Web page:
For food safety purposes, Bosch designs its packaging equipment so that stationary parts are below the process belt. “This ensures that products cannot become contaminated by dust and other residue, and it prevents parts from falling down and jeopardizing products or consumer health,” Mr. Meer observed. That said, Bosch’s packaging equipment’s observation windows, transparent casings and other accessibility features allow operators to inspect or clean it at any time.
After defining clean and identifying standards, the next critical issue is mapping out a plan. “Whether it’s processing or packaging equipment, the first question I always ask is, ‘What is our reason to clean?’” said Karl Thorson, food safety and sanitation manager for Minneapolis-based General Mills. “There has to be a reason to clean, and sometimes a better way to think of it is, ‘What would happen if I didn’t clean? What’s the impact to the system, the environment, the product?’ ”
It doesn’t matter if it’s a food safety or allergen issue. When bakers understand why a piece of packaging equipment needs to be cleaned, it’s much easier to move forward with design, an area where many bakeries are becoming more involved much earlier in the process. “Once I understand the ‘why,’ I can address it by marrying up the right design with the appropriate cleaning method,” Mr. Thorson said.
Mr. Gunnell encouraged bakers to take a more active role in the design process, something he’s seen trending in the past few years. “It’s been prevalent in the frozen food and meat industries, but we are now seeing more bakers asking to see the design of the conveyor and have a conversation about how it’s being built,” he said.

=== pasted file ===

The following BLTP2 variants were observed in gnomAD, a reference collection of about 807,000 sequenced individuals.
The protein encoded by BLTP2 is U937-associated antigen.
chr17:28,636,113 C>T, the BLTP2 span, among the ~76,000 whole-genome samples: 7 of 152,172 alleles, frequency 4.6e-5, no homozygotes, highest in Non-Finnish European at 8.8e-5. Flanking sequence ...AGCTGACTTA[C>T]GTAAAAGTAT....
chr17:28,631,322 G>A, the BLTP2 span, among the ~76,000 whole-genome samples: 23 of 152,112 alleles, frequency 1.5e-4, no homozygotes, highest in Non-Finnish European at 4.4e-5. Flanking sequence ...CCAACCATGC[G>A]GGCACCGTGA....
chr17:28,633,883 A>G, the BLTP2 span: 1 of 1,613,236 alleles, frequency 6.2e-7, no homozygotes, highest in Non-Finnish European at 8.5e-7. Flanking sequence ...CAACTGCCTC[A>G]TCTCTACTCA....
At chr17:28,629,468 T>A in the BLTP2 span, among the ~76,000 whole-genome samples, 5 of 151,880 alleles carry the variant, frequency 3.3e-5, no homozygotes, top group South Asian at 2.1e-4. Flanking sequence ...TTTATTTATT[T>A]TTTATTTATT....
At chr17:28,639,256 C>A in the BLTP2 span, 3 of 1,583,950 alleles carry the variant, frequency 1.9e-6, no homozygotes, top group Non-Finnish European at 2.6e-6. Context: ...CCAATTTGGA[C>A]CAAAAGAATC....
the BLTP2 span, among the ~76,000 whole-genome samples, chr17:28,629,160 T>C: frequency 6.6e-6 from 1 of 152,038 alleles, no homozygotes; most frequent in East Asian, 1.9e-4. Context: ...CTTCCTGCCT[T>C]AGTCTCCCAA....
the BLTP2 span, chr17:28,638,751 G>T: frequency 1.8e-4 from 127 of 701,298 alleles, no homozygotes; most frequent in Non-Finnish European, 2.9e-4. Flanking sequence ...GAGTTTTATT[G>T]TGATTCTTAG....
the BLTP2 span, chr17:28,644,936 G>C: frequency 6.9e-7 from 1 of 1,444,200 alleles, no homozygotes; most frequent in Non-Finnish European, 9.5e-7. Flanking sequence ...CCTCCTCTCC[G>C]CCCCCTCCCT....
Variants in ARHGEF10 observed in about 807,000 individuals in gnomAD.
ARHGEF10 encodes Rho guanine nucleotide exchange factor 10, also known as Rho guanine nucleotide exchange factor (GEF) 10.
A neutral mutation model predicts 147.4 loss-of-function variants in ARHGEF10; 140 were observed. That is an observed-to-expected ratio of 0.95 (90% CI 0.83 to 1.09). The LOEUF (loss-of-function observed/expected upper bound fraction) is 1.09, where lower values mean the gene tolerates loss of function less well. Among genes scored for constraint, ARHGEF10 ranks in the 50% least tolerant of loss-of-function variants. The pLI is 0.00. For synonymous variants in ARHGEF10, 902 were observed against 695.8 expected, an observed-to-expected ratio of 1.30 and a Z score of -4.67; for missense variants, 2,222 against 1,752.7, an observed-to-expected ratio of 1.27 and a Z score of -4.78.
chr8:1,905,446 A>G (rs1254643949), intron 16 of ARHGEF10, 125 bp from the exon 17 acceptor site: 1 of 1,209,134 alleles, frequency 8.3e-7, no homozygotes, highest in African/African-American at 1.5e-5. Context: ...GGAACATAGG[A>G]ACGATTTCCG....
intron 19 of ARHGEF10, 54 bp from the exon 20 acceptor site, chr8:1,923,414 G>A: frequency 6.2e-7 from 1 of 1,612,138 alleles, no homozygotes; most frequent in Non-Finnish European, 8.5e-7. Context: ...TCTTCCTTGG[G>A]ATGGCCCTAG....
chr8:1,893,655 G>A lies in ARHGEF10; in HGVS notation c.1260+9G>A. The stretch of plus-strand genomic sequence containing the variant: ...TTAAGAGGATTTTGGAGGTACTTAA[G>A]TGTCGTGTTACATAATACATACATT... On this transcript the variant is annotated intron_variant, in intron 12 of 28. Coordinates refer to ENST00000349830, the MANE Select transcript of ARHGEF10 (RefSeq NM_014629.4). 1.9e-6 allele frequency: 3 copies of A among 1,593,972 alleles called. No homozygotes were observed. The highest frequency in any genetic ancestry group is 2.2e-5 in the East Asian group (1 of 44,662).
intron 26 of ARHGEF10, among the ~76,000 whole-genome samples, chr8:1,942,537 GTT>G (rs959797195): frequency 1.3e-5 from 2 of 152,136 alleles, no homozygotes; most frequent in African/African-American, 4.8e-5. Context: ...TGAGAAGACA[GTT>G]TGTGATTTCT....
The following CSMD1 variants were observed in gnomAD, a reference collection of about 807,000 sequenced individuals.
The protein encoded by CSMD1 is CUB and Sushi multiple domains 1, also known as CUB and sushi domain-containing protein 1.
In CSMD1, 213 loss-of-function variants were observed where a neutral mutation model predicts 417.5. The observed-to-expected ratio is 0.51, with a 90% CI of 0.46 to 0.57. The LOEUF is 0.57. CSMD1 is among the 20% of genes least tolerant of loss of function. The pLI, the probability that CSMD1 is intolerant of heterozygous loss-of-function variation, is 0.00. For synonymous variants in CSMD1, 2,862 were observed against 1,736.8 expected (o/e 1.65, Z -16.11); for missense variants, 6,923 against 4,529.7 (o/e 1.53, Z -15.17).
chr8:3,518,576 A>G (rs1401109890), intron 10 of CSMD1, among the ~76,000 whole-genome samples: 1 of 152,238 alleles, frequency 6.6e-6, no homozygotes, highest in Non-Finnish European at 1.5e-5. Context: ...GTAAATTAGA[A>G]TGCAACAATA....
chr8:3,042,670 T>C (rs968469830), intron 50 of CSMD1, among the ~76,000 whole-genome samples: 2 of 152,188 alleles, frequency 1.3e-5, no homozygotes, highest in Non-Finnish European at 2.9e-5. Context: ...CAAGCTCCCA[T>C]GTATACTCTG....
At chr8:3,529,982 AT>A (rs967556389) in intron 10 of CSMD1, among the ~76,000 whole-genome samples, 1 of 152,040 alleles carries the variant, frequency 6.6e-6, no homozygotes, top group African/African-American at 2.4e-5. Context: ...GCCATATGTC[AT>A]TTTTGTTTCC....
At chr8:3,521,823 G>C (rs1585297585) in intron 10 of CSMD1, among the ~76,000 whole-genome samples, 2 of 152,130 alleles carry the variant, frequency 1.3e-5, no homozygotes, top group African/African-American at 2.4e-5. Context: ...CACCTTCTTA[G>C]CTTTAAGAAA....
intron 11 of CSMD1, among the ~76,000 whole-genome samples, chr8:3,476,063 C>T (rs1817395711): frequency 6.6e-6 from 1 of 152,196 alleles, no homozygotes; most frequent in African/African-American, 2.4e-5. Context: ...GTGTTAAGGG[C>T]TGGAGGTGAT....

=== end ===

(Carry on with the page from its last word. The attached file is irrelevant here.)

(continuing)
Increased collaboration is also happening at BluePrint Automation, according to Alan Beehler, director of applications. “Food safety professionals are getting more and more involved in the equipment design,” he said. “Every year, food safety concerns are becoming more elevated, and more of our customers are taking their involvement a step further.”
The sooner a bakery can start a sanitary design dialogue, the better. “Bakers should think about it up front — not after the new equipment is installed — right from the first stage,” Mr. Gunnell suggested. “Always ask the question, ‘How is this going to help me not only in production but also in sanitation?’ ”
Angela McDaniel, Formost Fuji sales and marketing coordinator, agreed. “It’s important for bakers to weigh the assessment of sanitary design from the beginning,” she said. “Trying to change it after the equipment has been built is not as cost-effective as going with sanitary design from the beginning.”
Matching method to need
It goes beyond just identifying what the standards are, especially in the packaging area where it might not be so black-and-white. Depending on the product and its specific characteristics, sanitary design for packaging equipment can range from wipe down to full washdown.